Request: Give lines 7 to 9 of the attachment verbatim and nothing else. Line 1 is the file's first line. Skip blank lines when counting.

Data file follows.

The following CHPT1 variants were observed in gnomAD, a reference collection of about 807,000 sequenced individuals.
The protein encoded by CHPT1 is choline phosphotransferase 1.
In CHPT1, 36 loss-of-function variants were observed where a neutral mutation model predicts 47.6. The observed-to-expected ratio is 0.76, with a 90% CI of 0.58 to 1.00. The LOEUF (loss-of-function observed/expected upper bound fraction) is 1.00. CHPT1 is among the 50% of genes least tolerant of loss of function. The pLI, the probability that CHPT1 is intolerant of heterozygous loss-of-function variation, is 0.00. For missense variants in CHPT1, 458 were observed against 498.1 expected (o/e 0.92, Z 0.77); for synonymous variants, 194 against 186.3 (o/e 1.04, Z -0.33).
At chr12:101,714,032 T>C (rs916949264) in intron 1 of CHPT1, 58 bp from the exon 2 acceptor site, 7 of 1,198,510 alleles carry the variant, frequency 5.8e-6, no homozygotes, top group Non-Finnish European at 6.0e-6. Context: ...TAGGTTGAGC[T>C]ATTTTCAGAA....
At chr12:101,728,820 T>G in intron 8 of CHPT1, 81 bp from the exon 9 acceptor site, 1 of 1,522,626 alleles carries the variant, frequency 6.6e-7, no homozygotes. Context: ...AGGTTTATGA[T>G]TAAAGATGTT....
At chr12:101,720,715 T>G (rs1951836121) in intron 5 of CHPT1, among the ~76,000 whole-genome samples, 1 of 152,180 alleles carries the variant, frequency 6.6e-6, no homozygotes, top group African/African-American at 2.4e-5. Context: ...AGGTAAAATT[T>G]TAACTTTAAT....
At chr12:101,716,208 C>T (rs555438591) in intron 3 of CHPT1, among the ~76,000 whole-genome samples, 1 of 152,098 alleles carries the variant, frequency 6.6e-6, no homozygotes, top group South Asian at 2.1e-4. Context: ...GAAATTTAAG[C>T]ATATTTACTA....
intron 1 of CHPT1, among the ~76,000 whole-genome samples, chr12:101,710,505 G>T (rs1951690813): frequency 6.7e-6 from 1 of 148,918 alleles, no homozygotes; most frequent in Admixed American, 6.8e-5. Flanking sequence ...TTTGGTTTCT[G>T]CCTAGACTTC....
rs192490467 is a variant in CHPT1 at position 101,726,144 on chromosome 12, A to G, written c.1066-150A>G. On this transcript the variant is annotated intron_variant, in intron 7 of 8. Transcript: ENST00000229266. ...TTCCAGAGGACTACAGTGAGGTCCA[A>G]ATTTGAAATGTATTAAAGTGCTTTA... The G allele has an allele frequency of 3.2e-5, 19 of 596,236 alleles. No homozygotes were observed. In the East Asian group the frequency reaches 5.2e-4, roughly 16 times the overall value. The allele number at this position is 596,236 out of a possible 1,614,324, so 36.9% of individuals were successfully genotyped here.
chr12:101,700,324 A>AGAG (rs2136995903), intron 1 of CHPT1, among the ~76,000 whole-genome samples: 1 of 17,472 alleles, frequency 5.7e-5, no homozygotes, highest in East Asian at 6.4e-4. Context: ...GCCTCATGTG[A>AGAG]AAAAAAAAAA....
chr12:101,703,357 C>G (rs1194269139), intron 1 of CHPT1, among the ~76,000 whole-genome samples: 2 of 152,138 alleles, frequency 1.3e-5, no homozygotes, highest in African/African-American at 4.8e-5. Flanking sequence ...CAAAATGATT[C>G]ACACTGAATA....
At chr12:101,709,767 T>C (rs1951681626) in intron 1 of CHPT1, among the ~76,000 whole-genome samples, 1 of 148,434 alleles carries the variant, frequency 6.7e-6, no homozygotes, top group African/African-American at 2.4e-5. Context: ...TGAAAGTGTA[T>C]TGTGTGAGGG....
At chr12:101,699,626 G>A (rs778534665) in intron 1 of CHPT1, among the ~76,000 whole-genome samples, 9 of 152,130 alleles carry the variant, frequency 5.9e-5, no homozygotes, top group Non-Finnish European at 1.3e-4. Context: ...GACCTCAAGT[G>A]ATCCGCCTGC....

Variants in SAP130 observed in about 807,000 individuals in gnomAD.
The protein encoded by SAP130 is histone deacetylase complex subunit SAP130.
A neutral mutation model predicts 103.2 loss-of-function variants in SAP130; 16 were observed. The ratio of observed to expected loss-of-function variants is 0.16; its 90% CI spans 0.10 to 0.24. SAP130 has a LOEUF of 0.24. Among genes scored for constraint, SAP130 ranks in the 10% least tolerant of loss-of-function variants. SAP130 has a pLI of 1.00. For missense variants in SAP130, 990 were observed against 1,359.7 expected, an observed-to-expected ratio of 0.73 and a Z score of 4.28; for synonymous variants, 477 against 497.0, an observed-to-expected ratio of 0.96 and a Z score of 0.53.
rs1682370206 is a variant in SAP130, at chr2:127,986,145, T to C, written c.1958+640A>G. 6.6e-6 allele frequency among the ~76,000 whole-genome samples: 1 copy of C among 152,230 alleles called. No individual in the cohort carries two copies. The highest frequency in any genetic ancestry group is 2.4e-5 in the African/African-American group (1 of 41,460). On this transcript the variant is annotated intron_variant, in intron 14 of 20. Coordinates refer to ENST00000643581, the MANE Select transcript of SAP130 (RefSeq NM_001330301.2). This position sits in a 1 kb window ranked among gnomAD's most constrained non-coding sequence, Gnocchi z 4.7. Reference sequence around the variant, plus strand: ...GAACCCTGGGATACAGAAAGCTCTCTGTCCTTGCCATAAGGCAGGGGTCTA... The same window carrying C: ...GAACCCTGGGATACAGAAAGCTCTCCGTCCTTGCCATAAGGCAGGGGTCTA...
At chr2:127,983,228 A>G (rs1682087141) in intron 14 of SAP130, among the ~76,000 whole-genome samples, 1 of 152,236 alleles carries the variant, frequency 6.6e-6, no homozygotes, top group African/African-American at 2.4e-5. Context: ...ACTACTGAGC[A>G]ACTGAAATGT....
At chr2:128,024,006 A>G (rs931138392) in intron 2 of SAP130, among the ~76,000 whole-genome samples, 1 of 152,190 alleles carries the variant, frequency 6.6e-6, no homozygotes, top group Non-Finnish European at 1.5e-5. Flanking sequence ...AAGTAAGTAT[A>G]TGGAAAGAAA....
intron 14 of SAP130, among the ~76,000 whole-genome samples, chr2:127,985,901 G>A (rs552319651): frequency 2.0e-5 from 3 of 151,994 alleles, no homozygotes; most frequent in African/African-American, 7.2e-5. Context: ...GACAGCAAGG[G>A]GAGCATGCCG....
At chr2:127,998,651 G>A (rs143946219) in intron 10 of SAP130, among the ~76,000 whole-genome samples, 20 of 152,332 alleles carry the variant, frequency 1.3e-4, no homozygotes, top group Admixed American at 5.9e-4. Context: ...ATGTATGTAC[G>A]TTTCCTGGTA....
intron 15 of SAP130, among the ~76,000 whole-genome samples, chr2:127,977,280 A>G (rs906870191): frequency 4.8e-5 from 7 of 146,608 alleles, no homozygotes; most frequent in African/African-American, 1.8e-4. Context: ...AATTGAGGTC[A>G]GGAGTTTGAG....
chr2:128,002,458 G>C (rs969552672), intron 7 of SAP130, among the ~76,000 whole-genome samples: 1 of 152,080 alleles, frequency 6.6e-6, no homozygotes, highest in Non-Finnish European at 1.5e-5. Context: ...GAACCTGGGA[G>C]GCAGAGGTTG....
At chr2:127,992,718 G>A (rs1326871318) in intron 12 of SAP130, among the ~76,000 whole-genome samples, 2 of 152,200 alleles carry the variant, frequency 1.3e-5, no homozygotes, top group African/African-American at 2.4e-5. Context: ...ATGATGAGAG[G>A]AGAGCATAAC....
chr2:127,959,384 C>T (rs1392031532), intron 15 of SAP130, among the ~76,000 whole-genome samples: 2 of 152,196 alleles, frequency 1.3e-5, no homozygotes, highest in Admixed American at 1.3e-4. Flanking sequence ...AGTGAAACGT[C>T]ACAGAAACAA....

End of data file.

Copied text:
At chr12:101,716,208 C>T (rs555438591) in intron 3 of CHPT1, among the ~76,000 whole-genome samples, 1 of 152,098 alleles carries the variant, frequency 6.6e-6, no homozygotes, top group South Asian at 2.1e-4. Context: ...GAAATTTAAG[C>T]ATATTTACTA....
intron 1 of CHPT1, among the ~76,000 whole-genome samples, chr12:101,710,505 G>T (rs1951690813): frequency 6.7e-6 from 1 of 148,918 alleles, no homozygotes; most frequent in Admixed American, 6.8e-5. Flanking sequence ...TTTGGTTTCT[G>T]CCTAGACTTC....
rs192490467 is a variant in CHPT1 at position 101,726,144 on chromosome 12, A to G, written c.1066-150A>G. On this transcript the variant is annotated intron_variant, in intron 7 of 8. Transcript: ENST00000229266. ...TTCCAGAGGACTACAGTGAGGTCCA[A>G]ATTTGAAATGTATTAAAGTGCTTTA... The G allele has an allele frequency of 3.2e-5, 19 of 596,236 alleles. No homozygotes were observed. In the East Asian group the frequency reaches 5.2e-4, roughly 16 times the overall value. The allele number at this position is 596,236 out of a possible 1,614,324, so 36.9% of individuals were successfully genotyped here.